Digitization – Finally no more paper

Role: I was the leader who removed the paper

Project goal

The company was swimming in paper. Everything was printed out, pushed around, lost, finally found, dealt with at some time and filed in a folder where it could hopefully be found if it was ever needed again.

Paper filled folders everywhere
Paper filled folders everywhere

It was impossible to know how much “stuff” was happening in the business as it was all buried in piles of papers on people’s desks or in their drawers or in their briefcases. Tasks could just be forgotten about until it was too late and it was impossible to know who was doing what and at which stage they were without asking the individuals.

Paper had to be transported to the tax advisor, copied in to their system, returned to the office, filed away and kept in expensive storage space for ten years to satisfy the local tax law. If a document was at a local office it was not available at head office and if some one needed it for home office they had to take a copy home.

This was not the way to run an efficient business. The decision was to digitize everything and completely avoid paper.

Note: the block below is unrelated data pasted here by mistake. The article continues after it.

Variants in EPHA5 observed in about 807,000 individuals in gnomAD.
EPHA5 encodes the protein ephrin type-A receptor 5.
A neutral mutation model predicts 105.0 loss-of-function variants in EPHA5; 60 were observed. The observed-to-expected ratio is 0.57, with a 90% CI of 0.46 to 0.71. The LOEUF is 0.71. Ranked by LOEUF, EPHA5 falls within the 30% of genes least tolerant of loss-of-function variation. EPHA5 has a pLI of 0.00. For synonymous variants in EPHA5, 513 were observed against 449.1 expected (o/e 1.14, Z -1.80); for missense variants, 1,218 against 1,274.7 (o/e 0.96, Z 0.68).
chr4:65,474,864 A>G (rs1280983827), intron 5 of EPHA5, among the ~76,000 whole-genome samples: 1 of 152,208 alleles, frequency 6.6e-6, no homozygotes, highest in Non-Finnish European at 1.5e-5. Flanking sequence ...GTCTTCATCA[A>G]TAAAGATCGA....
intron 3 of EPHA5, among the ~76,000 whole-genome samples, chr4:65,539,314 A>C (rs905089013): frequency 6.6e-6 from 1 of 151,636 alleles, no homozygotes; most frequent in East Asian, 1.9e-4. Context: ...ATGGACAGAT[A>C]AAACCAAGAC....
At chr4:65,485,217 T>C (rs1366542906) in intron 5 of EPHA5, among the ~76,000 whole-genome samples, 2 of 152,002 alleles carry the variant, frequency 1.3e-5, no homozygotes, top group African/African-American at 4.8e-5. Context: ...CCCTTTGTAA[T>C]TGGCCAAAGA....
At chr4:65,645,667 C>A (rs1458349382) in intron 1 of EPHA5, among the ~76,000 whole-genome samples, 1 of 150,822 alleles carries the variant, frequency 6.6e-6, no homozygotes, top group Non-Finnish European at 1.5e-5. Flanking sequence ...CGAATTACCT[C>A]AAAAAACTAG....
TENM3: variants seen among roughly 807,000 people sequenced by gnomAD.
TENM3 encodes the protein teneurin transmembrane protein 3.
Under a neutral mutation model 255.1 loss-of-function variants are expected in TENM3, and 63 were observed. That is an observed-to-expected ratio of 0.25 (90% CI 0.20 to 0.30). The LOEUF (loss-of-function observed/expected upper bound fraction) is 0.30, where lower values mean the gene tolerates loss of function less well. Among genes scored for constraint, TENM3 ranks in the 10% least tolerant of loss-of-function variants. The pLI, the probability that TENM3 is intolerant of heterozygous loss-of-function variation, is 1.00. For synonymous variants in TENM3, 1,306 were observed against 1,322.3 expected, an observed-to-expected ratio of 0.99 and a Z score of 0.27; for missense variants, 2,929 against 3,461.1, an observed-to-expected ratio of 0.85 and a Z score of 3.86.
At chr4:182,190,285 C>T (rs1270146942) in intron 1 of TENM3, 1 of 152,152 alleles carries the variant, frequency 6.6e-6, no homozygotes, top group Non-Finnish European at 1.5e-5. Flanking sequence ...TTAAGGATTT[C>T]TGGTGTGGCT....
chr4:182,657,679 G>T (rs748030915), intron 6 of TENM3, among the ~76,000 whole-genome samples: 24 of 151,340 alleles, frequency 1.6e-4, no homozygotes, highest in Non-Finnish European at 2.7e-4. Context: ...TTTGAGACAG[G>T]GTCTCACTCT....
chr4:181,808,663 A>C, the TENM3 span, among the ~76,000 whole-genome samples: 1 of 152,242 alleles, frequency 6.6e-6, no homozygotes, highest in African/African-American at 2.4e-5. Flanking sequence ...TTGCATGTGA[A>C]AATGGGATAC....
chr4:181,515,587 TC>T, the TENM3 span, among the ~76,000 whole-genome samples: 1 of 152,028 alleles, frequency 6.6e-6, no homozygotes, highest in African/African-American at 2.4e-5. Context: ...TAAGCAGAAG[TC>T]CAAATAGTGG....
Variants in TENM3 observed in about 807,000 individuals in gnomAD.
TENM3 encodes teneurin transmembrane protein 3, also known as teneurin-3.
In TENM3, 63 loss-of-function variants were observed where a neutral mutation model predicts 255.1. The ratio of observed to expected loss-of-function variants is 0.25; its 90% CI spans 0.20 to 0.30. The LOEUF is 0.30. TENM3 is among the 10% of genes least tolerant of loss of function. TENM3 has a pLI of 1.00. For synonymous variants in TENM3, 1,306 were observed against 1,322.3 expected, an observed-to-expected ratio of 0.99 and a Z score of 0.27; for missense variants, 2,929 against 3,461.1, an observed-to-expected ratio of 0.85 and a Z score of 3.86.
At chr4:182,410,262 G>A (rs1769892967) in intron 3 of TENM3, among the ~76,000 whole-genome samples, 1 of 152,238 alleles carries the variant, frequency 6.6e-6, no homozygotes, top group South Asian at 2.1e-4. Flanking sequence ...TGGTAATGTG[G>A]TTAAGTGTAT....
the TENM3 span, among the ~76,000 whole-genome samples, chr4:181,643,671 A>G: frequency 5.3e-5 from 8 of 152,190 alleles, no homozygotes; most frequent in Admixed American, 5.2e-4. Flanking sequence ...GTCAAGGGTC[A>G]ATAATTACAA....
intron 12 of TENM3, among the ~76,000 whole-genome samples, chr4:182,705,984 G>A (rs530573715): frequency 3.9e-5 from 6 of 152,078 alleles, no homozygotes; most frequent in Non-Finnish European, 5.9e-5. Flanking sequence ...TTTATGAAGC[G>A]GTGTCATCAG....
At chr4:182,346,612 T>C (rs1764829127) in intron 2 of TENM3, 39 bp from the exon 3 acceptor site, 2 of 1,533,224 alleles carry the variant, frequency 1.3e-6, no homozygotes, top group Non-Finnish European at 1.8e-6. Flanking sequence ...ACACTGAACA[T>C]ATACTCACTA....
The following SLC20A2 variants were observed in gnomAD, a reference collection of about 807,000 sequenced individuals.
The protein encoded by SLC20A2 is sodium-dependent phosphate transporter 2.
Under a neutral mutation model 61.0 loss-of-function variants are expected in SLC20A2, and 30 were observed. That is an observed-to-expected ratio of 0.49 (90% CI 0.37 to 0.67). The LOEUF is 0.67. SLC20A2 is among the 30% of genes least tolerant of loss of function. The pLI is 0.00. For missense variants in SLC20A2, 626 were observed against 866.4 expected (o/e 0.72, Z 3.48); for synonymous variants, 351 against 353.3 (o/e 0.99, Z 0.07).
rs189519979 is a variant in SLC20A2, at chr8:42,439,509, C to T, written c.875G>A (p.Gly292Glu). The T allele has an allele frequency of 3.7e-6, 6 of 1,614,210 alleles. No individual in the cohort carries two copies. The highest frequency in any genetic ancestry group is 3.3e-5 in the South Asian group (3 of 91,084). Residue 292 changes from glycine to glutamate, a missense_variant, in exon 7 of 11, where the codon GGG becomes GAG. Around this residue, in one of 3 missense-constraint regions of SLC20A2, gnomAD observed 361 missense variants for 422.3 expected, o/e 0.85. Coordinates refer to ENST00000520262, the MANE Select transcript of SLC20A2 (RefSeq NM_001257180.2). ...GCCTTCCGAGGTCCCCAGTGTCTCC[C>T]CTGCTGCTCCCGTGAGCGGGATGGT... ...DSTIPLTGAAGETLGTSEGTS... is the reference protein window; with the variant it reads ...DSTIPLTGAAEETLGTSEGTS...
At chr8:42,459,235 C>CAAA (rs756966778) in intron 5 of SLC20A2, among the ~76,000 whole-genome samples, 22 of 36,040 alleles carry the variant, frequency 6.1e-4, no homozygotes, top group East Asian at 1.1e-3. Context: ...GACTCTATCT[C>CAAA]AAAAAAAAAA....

Stage one was to stop the paper arriving by agreeing with as many business partners as possible to exchange contracts, invoices, etc. only digitally. Some companies and particularly bureaucrats could not or would not change so anything that arrived as paper was scanned at reception and the original thrown in a box. Within the company only digital documents were in use.

We selected and implemented a software that allowed us to add tasks, delegate them to employees and track them. If an invoice arrived it was attached to a task for accounting. If a customer wrote a letter it was digitized and a task created for customer support. If a customer rang, customer support wrote notes in the system while on the phone and either closed the task at the end of the call or delegated it to someone who could. There could be a hundred open tasks but everything was digital and obvious.

The new system was implemented person by person. Those who were excited to try converted first. Employees who were less willing to abandon paper were coached and cajoled until they adjusted. The “people” side of the project needed the most effort.

Together with the tax advisor we converted to a new software, and informed the financial authorities that we would only be working from digitized documents which we would be filing for ten years.

The offices really looked like this - every day.
The offices really looked like this – every day.

It was now possible for any one to work from anywhere. Home office worked seamlessly. The managers had a real time overview of the work load and of any tasks that were “stuck”. If a customer or partner rang, everyone had all the information about his “ticket” on their monitor immediately.

And the best was there were no more cupboards, drawers or files smelling of moldy paper and maybe hiding the next disaster.

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